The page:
How do you pick a Neuro?
AnonymousJune 19, 2007 at 11:45 pm
I’ve only been diagnosed with CIDP for a couple of months now and am already wondering about changing my neuro dr. My current dr. is very knowledgeable about peripheral nerve diseases; this is his specialty. He works at a teaching hospital but when I am in the hospital for my IVIG treatments I have never seen him; I see several other neuros and loads of interns and residents.
The problem that I am having is that my dr. doesn’t discuss anything with me. He checks my reflexes and muscle strength, and then writes me a prescription, and then; boom, he’s gone and the visit is over. He does not explain anything; doesn’t tell me why he is switching me to meds from IVIG; nothing. It is a seven hour drive to this hospital and I am very frustrated at the 10-15 min. visit. He does not even ask me about my symptoms; a medical student always comes in and takes my history before I see him.
This is my question: should I stay with this dr. who apparently knows alot about peripheral nerve disease; or find a new dr. who will spend more time with me and explain to me aspects about this condition? I’ve been told several times that West Virginia University and Ruby Memorial Hospital are known for their neuro dept, but I also have been told of another neuro dr. who treats another CIDP-er from West Virginia (which I met on this message board) which is much closer to home. This CIDPer says that she gets very good care from him.
This is a tough one for me; any suggestions would be greatly appreciated.
June 20, 2007 at 7:51 am
Shelia. It never hurts to go see another doc. I’m a firm believer that’s it’s my body,I want to know the whys and what fors. You need to be able to talk to them. Maybe just go to the other doc and see how you feel about the treatment you get. Pattie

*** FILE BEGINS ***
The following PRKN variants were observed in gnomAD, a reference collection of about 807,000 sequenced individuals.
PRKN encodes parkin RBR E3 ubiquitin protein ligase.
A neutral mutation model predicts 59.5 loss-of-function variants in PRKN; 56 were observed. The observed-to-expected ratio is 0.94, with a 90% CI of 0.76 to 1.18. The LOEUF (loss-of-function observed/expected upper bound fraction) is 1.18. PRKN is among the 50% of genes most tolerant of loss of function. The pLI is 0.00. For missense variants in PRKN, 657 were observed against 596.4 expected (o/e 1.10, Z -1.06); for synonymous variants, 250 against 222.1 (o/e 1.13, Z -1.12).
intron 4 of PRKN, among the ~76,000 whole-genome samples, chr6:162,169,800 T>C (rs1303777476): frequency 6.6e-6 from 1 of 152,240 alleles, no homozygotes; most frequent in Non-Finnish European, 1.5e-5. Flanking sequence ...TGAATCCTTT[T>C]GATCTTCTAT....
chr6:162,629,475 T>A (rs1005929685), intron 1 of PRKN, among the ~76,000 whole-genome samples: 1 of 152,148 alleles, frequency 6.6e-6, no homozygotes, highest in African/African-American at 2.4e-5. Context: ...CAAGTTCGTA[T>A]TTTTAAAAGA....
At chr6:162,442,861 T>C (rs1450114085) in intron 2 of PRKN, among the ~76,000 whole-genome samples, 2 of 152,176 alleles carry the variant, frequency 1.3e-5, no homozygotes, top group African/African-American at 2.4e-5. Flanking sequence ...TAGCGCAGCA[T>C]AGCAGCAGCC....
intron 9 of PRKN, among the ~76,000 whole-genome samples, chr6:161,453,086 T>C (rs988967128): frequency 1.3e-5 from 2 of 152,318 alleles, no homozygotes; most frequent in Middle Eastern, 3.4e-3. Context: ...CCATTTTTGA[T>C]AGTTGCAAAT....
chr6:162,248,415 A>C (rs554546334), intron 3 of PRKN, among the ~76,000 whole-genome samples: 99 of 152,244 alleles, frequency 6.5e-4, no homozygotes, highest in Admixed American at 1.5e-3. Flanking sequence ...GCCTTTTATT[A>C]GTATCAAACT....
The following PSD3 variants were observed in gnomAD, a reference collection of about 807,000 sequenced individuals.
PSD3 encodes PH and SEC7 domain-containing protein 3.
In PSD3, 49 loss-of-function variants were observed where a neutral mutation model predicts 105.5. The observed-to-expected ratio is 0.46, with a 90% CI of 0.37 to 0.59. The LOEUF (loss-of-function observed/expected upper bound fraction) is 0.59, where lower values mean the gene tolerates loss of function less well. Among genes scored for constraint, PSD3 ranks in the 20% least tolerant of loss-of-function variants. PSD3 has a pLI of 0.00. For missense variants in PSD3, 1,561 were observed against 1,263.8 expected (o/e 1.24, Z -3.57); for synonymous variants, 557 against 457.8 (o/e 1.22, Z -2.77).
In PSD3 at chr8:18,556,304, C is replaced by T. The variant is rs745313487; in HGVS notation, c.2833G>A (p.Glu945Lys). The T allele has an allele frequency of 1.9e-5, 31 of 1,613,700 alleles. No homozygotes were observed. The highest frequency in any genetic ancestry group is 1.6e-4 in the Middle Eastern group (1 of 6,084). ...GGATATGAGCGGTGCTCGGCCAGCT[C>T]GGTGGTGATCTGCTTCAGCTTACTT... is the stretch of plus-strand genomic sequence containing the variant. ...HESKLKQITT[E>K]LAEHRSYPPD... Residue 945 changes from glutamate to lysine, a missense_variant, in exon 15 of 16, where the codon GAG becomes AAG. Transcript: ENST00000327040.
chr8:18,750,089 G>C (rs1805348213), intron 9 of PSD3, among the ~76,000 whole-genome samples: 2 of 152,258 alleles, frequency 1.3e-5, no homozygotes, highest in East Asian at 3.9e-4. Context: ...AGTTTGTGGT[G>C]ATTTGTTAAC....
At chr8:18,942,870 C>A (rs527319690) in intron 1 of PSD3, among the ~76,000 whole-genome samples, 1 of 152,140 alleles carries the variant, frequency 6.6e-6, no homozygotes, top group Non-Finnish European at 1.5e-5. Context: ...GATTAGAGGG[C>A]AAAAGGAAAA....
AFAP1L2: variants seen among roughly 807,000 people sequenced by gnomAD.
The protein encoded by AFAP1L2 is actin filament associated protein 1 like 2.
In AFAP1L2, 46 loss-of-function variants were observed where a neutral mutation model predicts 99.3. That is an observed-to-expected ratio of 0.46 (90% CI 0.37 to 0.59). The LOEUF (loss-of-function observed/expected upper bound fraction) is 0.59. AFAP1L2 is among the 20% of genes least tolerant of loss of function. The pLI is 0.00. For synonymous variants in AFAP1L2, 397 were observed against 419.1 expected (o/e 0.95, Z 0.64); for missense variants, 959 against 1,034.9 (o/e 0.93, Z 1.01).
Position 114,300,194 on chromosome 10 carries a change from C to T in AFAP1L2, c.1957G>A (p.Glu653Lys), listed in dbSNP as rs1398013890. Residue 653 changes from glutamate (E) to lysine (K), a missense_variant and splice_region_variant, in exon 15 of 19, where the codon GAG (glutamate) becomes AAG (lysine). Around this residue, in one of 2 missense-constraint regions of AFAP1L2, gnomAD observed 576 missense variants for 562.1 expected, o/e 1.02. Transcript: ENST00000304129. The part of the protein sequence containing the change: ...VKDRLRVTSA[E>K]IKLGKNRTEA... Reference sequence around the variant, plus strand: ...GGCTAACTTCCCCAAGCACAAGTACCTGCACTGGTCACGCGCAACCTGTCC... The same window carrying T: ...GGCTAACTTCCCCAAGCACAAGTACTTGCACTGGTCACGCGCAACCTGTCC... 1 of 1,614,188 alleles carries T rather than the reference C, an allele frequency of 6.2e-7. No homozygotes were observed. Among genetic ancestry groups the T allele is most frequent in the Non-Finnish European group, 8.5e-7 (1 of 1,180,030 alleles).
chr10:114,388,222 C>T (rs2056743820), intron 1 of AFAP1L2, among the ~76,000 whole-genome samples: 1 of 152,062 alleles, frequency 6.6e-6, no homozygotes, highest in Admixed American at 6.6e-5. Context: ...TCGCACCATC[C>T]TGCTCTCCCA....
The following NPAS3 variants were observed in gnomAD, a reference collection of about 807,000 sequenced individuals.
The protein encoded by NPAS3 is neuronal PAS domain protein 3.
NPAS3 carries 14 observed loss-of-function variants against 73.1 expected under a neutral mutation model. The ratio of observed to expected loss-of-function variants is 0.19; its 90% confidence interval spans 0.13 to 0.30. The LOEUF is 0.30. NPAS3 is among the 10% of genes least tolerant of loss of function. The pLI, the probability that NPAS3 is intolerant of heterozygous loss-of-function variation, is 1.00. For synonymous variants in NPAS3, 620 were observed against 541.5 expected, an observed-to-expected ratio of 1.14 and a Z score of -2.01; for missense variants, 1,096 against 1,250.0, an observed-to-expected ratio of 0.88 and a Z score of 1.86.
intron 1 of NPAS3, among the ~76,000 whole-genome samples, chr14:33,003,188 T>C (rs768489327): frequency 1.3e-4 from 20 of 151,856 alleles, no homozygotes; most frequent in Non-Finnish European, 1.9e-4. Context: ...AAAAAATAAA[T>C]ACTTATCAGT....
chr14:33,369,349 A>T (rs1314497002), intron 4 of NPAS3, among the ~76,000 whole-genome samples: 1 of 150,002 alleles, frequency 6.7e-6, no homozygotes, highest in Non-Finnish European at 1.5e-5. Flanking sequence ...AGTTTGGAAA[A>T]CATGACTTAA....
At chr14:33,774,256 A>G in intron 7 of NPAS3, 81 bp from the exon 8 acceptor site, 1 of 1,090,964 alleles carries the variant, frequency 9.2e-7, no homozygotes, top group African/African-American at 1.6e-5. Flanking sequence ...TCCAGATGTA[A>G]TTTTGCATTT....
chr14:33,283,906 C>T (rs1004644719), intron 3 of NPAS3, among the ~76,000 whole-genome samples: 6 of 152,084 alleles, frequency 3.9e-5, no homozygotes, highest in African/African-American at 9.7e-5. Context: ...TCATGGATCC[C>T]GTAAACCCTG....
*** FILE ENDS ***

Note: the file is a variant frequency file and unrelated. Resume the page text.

AnonymousJune 20, 2007 at 8:15 am
Boy, Sheila – I can appreciate how tough this one is for you! I, too travel a long way to see my neuroligist and know how fast that appointment can go for such a long trip.
I was diagnosed in my hometown where they see a case of CIDP once every few years, and my pcp as well as my local neuro sent me to a teaching university hospital where they see multiple CIDP patients each week. I travel seven hours each way like you.
I can only say that one has to go prepared with a list of questions and comments – sometimes mine is a page and a half – and then if I am not satisfied with the depth of an answer or just feel something is missing, I ask him what I am leaving out – and make him think a little bit about what he has said and what he would add to the answers I still feel hazy about. I know this is hard to do when the neuro is a busy guy and gives every indication that you have taken enough time already, but YOU are an important patient, too – and you must be your own advocate.
I have been seeing this doctor several times a year for 3 years – have come to realize sometimes an emailed question between visits might get a good answer on the spur of the moment.
Also, never go to appointment alone – the second set of ears and the second “reading” on doctor’s answers, demeanor, patience with you are really helpful in making the decision on whether to stay with this one, or to seek another neuro. If you are dealing with a chronic disease as we are, I think it is absolutely critical to have confidence in your doctor’s regard for you as well as expertise in the field.
Hope this helps, Bonney
AnonymousJune 20, 2007 at 7:26 pm